Another piece of advice is (after joining a church) get involved with the ministries of that church.  Sing in the choir, join in and help with the work of a committee or join the church volleyball team.  Participate and make friends with other Christians.  Eventually your closest friends will be your Christian friends.

We also have a duty to work in this world to make it a better place.  When I write that we should not lay up  treasures in this world and comment that our true place is in heaven, it sounds like I am turning my back on earth.

That is not what our faith really calls us to do.  We are to be concerned about our fellow men.  Stott points to the “noble record” of caring for the hungry, the sick, the needy and neglected people of this world.  We are supposed to uplift the victims of oppression, slaves, prisoners, orphans, refugees and dropouts. 

Another responsibility we have in this world is evangelism.  In short, that means that we are to spread the good news of Jesus Christ to the millions of people who have no idea who He is.  We are supposed to win the world for Christ.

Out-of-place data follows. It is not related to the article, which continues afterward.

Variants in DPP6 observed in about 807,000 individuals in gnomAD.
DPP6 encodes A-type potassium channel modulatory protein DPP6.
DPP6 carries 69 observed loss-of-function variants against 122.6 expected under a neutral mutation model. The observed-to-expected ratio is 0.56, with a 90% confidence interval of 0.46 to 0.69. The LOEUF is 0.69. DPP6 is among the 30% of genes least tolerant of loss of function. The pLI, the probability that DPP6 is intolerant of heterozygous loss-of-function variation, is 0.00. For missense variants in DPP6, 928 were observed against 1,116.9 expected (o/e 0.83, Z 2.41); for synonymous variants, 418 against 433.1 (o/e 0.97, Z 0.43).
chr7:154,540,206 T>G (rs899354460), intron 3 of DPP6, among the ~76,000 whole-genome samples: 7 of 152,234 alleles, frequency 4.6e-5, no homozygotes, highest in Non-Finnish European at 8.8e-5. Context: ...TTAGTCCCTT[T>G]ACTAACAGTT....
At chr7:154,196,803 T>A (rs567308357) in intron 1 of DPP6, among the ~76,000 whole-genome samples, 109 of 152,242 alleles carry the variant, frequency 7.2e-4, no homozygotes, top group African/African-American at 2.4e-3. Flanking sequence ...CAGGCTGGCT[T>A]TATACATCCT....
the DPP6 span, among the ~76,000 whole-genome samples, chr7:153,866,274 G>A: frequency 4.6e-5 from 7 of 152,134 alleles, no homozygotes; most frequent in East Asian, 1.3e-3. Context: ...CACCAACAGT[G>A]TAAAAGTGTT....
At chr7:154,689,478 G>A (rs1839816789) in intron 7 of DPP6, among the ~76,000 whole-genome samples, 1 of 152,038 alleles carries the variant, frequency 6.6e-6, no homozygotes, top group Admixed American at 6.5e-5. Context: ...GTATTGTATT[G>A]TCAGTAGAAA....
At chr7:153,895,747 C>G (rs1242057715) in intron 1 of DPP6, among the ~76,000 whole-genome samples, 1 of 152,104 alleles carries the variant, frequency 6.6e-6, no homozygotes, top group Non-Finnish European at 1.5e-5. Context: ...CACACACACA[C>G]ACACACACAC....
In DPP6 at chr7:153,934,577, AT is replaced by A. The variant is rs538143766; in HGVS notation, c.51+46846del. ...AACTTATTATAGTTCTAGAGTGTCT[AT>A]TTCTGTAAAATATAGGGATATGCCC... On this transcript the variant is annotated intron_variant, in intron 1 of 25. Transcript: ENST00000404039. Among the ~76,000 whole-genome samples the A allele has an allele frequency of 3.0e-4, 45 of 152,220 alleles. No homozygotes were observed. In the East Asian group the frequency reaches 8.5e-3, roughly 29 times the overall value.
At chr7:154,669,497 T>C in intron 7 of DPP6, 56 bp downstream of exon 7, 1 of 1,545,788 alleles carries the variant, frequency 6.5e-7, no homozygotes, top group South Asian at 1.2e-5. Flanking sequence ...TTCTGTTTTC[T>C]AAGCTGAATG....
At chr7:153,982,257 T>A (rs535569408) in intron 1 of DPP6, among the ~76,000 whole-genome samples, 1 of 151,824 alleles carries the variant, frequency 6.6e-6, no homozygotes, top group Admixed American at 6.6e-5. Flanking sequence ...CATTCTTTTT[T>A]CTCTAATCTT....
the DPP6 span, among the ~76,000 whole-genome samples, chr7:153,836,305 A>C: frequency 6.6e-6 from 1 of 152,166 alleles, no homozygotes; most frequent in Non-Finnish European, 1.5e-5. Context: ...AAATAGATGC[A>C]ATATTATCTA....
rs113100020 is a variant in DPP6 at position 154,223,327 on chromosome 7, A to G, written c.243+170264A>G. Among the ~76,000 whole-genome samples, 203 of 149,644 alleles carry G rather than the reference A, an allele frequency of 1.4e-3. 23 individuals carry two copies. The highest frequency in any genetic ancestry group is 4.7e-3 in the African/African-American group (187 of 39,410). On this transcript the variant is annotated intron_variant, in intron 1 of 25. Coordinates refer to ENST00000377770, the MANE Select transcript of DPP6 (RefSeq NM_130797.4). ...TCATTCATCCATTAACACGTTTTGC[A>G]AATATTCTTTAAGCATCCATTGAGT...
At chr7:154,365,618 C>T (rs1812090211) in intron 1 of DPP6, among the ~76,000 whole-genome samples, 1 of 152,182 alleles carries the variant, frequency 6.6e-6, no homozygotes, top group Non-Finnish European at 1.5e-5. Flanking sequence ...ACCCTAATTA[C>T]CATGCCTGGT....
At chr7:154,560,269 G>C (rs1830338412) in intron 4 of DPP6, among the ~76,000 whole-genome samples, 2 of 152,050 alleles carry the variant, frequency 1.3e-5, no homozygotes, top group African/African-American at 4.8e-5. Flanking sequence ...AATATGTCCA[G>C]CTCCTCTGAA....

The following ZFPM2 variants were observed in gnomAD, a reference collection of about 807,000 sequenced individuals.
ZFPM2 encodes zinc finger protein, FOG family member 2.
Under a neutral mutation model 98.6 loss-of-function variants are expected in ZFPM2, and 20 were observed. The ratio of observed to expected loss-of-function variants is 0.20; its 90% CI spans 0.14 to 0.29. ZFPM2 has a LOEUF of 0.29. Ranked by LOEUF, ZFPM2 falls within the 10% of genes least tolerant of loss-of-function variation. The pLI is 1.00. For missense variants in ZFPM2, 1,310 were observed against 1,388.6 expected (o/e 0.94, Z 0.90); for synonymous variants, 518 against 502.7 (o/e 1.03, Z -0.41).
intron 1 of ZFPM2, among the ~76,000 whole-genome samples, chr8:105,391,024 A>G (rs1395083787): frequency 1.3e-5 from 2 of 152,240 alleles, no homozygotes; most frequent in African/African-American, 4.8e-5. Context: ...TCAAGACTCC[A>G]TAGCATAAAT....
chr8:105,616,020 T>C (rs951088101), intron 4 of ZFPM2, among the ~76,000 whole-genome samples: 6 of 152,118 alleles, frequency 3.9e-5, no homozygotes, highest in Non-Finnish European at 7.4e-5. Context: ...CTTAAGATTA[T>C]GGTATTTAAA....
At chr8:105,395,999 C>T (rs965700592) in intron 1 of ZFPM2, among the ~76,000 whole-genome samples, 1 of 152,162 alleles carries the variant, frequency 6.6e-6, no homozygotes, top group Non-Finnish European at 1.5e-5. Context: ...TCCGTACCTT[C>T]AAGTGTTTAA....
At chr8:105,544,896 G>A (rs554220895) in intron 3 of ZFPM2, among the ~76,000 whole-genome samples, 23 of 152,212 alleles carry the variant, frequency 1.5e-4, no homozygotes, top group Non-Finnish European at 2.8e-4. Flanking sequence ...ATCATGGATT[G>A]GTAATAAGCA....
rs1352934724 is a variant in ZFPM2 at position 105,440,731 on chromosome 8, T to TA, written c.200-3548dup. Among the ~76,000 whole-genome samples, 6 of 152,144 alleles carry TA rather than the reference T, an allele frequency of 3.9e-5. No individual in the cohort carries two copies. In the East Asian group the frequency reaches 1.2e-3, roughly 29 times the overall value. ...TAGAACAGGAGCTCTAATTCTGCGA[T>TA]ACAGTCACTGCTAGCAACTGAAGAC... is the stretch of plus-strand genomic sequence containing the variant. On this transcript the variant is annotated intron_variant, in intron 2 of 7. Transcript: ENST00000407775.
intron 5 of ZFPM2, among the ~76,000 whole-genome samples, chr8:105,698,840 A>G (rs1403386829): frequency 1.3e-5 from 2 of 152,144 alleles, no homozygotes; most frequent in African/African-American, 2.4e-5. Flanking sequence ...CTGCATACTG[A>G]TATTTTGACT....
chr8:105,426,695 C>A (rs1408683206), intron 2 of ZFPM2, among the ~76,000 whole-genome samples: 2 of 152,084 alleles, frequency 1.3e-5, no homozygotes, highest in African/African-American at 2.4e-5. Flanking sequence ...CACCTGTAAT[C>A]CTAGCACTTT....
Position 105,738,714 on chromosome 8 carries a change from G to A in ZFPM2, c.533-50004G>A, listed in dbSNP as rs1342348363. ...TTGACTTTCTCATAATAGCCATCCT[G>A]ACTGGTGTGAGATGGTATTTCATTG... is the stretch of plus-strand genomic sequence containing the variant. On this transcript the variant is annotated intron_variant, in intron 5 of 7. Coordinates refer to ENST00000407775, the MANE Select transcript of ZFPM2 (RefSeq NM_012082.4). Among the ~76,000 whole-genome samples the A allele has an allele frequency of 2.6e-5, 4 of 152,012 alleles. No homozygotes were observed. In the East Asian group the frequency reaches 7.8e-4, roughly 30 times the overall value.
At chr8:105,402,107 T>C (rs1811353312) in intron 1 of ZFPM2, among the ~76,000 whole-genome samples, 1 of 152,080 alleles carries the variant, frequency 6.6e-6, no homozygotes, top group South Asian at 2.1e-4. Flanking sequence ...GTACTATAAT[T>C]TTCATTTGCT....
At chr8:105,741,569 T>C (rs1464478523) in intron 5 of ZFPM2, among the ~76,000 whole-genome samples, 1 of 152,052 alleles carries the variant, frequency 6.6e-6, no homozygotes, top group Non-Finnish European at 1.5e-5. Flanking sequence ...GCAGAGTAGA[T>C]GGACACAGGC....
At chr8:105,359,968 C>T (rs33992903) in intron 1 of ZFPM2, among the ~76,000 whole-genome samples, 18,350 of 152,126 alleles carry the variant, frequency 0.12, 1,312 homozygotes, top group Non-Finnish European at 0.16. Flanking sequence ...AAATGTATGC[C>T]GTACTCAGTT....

Some worry about this responsibility because they do not see themselves as a pastor.  They can’t make the commitment to become a missionary.  This does not mean that we cannot witness for Christ in the various locations where we live.  How are we responding to the problems of life in our families, in our classrooms, our places of business?  Are we exhibiting loving behavior, humble behavior,  honest, Christ-like behavior?  There is an old expression that almost all Christians know: “The only Bible most people may ever see is you, how you handle yourself in life.”  “Actions speak louder than words” is another trite expression but the Christian who lives a life of a dedicated follower is powerful testimony.

Are you concerned about what you will do to help “win the world”?  Start with prayer that asks the Holy Spirit to use your gifts to win souls.  We all have strengths and weaknesses and God will not put you in a position where you are not capable.  Sometimes we try to take on work that we are not suited for, but that is not work based on the guidance of the Holy Spirit.  That is our own selfishness, our own grab for power.  Often that does not result in much success.